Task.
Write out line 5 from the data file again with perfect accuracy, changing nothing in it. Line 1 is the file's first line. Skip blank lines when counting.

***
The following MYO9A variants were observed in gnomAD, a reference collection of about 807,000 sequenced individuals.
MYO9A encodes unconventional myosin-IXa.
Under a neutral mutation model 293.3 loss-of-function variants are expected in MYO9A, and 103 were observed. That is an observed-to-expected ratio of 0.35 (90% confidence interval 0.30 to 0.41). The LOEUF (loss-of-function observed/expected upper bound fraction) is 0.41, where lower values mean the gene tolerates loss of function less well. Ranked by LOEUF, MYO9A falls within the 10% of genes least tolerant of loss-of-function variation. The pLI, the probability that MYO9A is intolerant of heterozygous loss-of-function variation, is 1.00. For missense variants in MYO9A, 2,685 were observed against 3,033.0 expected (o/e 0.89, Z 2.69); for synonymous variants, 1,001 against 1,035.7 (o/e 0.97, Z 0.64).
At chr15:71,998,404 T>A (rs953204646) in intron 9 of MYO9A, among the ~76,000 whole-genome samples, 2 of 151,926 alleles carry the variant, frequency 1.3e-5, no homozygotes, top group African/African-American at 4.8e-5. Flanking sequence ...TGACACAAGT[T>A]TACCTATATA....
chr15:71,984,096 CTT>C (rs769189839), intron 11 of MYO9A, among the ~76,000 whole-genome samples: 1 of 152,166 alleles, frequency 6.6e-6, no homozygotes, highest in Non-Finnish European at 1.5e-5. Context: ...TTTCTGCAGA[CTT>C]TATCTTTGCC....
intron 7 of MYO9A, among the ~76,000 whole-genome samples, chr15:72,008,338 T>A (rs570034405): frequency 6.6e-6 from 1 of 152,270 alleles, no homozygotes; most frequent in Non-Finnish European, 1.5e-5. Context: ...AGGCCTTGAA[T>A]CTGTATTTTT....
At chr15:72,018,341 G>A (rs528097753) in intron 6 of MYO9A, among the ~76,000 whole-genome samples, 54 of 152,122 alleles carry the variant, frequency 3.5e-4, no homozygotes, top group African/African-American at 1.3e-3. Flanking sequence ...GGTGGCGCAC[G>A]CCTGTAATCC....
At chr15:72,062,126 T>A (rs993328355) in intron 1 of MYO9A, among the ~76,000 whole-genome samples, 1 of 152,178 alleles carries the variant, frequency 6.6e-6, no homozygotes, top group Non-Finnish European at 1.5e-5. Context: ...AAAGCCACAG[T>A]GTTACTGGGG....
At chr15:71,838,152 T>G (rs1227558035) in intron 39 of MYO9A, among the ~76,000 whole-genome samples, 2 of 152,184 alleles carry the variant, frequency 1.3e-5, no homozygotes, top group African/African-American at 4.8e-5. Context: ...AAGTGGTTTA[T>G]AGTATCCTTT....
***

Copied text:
chr15:71,984,096 CTT>C (rs769189839), intron 11 of MYO9A, among the ~76,000 whole-genome samples: 1 of 152,166 alleles, frequency 6.6e-6, no homozygotes, highest in Non-Finnish European at 1.5e-5. Context: ...TTTCTGCAGA[CTT>C]TATCTTTGCC....